10. 4 Outsiders in the Party System: Fringe Parties in the 1980s and 1990s
    (pp. 77-122)

    The decline and disappearance of some parties from the Movement against Overforeignization did not bring an end to the presence of parties of the radical right in the Swiss party system. On the contrary, from the mid 1980s on, a new phase of radical right-wing populism began, bearing witness to the organisational persistence of the already existing parties and to the emergence of new parties. However, they continued to act as fringe parties at the margin of the Swiss party system and to be perceived as pariah parties by most of the established parties. Moreover, the foundation of new parties...

  11. 5 Entering the Mainstream: The Emergence of the New SVP in the 1990s
    (pp. 123-172)

    Up until the early 1990s, radical right-wing parties remained at the margins of the Swiss party system. This situation changed radically in the 1990s, with the transformation of the Swiss People’s Party, a fundamental change which allowed a radical right-wing populist party to enter the mainstream of Swiss politics. In the history of the Swiss party system throughout the twentieth century, the SVP has long played the role of a right-wing, mainstream party that stood for marked conservative viewpoints and represented the electorate of farmers and small business people. As a member of the Federal Council since 1929 and a...

  12. 6 A Supplier of Ideology: The New Right in the German-speaking Part of Switzerland
    (pp. 173-228)

    In the German-speaking part of Switzerland, most intellectuals are traditionally more engaged in academia and culture and the world of ideas and aesthetics than in politics and public affairs. One reason is that the political and public culture in the German-speaking part of Switzerland is somewhat marked by anti-intellectualism, and intellectuals receive little recognition from the public. The rather anti-elitist climate, reinforced by the egalitarian impetus of direct democracy, brings about a situation where intellectuals whose interests and engagements focus on the sphere of ideas, theories and knowledge are regarded as being detached from the everyday life of society. As...

  13. 7 An Intellectual Elite: The New Right in the French-speaking Part of Switzerland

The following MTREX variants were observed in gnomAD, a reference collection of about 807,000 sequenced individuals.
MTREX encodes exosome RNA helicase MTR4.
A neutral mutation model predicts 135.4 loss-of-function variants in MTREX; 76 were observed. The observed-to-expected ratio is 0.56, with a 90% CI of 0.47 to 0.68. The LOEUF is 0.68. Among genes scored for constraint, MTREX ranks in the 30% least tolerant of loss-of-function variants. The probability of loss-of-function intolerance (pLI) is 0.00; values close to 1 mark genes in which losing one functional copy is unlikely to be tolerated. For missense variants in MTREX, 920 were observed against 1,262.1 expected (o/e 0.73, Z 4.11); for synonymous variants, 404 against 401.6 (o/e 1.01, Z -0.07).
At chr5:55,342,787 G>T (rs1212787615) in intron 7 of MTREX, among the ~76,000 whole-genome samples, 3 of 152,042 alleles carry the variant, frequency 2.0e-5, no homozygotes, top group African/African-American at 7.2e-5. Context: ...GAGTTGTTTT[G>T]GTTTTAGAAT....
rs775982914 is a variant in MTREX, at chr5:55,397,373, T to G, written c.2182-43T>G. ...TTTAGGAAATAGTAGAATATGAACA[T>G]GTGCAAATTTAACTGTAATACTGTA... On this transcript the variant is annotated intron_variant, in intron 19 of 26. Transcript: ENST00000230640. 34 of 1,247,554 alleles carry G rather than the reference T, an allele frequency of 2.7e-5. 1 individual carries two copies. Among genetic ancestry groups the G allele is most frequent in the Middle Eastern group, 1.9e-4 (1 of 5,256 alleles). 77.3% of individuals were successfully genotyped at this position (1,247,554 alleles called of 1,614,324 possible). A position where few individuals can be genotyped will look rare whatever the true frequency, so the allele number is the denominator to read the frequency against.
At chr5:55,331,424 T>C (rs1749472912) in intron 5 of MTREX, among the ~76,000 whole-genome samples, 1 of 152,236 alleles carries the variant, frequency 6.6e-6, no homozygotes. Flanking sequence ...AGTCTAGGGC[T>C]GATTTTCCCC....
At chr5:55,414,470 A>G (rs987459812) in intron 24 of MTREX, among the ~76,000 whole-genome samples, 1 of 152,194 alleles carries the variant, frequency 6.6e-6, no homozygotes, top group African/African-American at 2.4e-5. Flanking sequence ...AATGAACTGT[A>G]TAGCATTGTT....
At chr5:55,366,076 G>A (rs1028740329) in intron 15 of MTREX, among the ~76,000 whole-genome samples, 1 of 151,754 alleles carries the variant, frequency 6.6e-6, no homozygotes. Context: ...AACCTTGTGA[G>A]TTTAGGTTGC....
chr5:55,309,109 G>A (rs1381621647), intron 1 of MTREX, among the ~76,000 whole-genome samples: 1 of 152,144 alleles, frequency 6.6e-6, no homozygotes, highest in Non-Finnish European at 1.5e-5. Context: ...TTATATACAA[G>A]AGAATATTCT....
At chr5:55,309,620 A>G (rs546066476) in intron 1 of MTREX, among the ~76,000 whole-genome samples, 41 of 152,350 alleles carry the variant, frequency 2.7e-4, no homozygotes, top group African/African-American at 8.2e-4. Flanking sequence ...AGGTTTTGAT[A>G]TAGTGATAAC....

(pp. 229-274)

    The radical right in the French-speaking part of Switzerland has traditionally been characterised by the influential role of its intellectuals and the strong affinity for reflection developed by French theorists and authors.¹ During the interwar period, a number of intellectuals felt that a political climate that was critical of liberalism and democracy suited their efforts to promote authoritarian and anti-democratic visions of politics and society. At the time, French theorists and authors like Charles Maurras, Léon Daudet and Maurice Barrès were well received by the radical right-wing intellectual community in the French-speaking regions of Switzerland.² Compared to their counterparts in...

  14. 8 At the Margins of Society and Politics: The Subculture of the Extreme Right
    (pp. 275-330)

    Since the end of the Second World War, the extreme right in Western Europe has transformed itself from a small underground scene into a larger, diversified subculture. While the extreme right is not ideologically homogenous, most variants of its worldview feature blunt versions of racism, anti-Semitism, xenophobia and nationalism. They are also characterised by anti-democratic conceptions of the political system. Until the 1970s, the extreme right was typically comprised of old fascists and National Socialists, neo-fascist groups and periodicals, and militantgroupusculesthat were sometimes terrorist-like in nature.¹ Since the 1980s, it has undergone major changes which have ultimately resulted...

  15. Conclusion
    (pp. 331-342)

    In this book I have shown how the history of the radical right in postwar Switzerland has been characterised by continuity in terms of ideology and by politics and persistence in terms of its organisations and activities. This has resulted in the enduring, though shifting, presence of a diverse radical right at various levels of the Swiss political and public arena. With the findings that emerged from my research, I have also tried to clear up some common misapprehensions about Swiss politics and the Swiss radical right in particular. In so doing, I have specifically challenged the long-standing notion that...

  16. Notes
    (pp. 343-424)
  17. References
    (pp. 425-452)
  18. Index
    (pp. 453-470)